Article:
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© Bruno Dupuy, Claire Morvan, Institut Pasteur
Cellules végétative et spores de Clostridioides difficile / Vegative cells and spores of Clostridioides difficile
Publication : Journal of bacteriology

Characterization of Acp, a peptidoglycan hydrolase of Clostridium perfringens with N-acetylglucosaminidase activity that is implicated in cell separation and stress-induced autolysis

Scientific Fields
Diseases
Organisms
Applications
Technique

Published in Journal of bacteriology - 26 Feb 2010

Camiade E, Peltier J, Bourgeois I, Couture-Tosi E, Courtin P, Antunes A, Chapot-Chartier MP, Dupuy B, Pons JL

Link to Pubmed [PMID] – 20190047

J. Bacteriol. 2010 May;192(9):2373-84

This work reports the characterization of the first known peptidoglycan hydrolase (Acp) produced mainly during vegetative growth of Clostridium perfringens. Acp has a modular structure with three domains: a signal peptide domain, an N-terminal domain with repeated sequences, and a C-terminal catalytic domain. The purified recombinant catalytic domain of Acp displayed lytic activity on the cell walls of several Gram-positive bacterial species. Its hydrolytic specificity was established by analyzing the Bacillus subtilis peptidoglycan digestion products by coupling reverse phase-high-pressure liquid chromatography (RP-HPLC) and matrix-assisted laser desorption ionization-time of flight mass spectrometry (MALDI-TOF MS) analysis, which displayed an N-acetylglucosaminidase activity. The study of acp expression showed a constant expression during growth, which suggested an important role of Acp in growth of C. perfringens. Furthermore, cell fractionation and indirect immunofluorescence staining using anti-Acp antibodies revealed that Acp is located at the septal peptidoglycan of vegetative cells during exponential growth phase, indicating a role in cell separation or division of C. perfringens. A knockout acp mutant strain was obtained by using the insertion of mobile group II intron strategy (ClosTron). The microscopic examination indicated a lack of vegetative cell separation in the acp mutant strain, as well as the wild-type strain incubated with anti-Acp antibodies, demonstrating the critical role of Acp in cell separation. The comparative responses of wild-type and acp mutant strains to stresses induced by Triton X-100, bile salts, and vancomycin revealed an implication of Acp in autolysis induced by these stresses. Overall, Acp appears as a major cell wall N-acetylglucosaminidase implicated in both vegetative growth and stress-induced autolysis.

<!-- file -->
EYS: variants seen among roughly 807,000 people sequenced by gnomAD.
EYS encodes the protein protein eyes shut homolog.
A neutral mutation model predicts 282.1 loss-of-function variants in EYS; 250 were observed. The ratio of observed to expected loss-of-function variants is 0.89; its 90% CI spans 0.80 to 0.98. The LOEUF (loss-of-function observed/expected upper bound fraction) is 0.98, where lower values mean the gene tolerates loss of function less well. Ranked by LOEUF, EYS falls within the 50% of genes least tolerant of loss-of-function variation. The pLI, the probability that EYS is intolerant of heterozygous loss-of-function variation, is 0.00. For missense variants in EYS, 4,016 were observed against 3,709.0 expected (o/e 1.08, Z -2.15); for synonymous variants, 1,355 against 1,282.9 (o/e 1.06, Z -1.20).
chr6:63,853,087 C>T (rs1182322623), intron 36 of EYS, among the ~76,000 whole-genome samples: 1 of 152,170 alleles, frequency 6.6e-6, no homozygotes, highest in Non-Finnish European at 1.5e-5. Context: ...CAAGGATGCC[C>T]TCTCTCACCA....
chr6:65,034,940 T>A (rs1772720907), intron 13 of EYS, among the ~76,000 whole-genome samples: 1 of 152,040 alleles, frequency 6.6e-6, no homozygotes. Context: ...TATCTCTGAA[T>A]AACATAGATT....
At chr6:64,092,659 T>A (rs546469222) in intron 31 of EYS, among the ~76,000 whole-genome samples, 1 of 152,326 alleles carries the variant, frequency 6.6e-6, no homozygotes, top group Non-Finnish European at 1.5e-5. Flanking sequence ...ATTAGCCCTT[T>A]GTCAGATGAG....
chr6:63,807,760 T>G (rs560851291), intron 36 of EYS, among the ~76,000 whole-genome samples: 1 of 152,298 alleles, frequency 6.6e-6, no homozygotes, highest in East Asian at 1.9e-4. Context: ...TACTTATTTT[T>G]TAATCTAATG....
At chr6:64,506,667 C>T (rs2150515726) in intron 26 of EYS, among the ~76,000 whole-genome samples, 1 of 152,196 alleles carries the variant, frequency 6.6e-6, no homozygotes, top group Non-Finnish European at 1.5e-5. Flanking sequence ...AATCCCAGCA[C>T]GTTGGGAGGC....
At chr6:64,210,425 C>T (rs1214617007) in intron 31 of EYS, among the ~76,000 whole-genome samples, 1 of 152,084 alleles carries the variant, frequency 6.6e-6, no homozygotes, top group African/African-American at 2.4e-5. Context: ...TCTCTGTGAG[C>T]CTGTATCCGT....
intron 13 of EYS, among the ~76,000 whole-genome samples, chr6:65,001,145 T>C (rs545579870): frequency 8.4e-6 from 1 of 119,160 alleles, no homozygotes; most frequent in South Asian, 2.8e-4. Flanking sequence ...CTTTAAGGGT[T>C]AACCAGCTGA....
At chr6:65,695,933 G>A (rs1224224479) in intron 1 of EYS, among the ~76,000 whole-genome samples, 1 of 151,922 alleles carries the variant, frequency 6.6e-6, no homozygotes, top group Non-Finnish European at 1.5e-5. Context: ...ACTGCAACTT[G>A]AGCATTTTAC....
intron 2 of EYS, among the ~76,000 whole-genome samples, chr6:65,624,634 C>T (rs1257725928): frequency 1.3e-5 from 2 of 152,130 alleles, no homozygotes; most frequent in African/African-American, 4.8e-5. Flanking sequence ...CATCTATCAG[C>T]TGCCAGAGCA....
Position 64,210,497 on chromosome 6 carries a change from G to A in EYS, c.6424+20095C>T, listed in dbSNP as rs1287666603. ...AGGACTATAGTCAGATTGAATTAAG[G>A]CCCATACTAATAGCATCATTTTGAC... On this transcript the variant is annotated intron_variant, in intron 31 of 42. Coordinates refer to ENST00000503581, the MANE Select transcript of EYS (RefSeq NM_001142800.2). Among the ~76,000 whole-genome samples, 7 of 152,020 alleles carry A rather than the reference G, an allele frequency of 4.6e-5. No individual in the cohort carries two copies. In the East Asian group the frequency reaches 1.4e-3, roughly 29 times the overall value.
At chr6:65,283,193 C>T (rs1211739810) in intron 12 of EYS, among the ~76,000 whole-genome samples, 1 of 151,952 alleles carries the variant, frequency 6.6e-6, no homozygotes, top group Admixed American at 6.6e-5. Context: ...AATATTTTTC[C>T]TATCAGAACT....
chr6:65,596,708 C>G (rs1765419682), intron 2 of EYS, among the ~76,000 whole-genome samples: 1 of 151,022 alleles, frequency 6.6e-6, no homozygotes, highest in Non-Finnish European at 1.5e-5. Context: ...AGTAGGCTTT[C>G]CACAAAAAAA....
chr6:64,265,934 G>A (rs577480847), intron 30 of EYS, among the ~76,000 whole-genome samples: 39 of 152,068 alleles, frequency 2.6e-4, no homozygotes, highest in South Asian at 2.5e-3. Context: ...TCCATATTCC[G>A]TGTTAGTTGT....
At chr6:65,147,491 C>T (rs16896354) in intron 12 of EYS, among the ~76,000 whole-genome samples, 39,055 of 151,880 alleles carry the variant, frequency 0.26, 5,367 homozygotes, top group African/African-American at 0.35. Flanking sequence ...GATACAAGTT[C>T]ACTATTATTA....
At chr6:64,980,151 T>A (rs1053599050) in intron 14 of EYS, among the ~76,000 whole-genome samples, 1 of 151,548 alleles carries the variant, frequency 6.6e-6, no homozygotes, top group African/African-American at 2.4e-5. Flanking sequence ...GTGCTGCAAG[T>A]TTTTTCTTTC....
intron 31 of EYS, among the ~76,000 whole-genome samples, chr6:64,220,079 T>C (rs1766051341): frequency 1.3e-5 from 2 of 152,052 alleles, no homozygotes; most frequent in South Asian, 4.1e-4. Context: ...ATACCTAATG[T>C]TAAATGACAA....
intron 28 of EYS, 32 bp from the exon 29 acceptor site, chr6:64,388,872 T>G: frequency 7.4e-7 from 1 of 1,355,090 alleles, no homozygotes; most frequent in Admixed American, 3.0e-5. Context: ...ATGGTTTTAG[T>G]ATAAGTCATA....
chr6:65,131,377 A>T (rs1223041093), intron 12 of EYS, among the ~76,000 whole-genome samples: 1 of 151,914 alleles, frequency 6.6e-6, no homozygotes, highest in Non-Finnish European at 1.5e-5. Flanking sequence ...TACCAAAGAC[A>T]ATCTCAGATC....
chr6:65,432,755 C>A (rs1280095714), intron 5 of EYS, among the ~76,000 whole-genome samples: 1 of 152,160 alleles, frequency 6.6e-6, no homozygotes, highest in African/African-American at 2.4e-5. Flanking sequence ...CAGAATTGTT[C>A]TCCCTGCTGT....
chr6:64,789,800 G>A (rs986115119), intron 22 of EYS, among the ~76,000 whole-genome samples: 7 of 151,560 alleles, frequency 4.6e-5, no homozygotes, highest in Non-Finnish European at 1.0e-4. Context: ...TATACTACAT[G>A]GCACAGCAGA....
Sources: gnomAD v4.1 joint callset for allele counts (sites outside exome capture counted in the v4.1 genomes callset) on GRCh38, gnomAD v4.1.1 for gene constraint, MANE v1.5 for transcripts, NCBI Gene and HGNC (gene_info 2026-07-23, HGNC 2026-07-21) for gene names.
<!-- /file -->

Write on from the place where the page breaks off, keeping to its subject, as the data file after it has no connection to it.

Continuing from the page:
http://www.ncbi.nlm.nih.gov/pubmed/20190047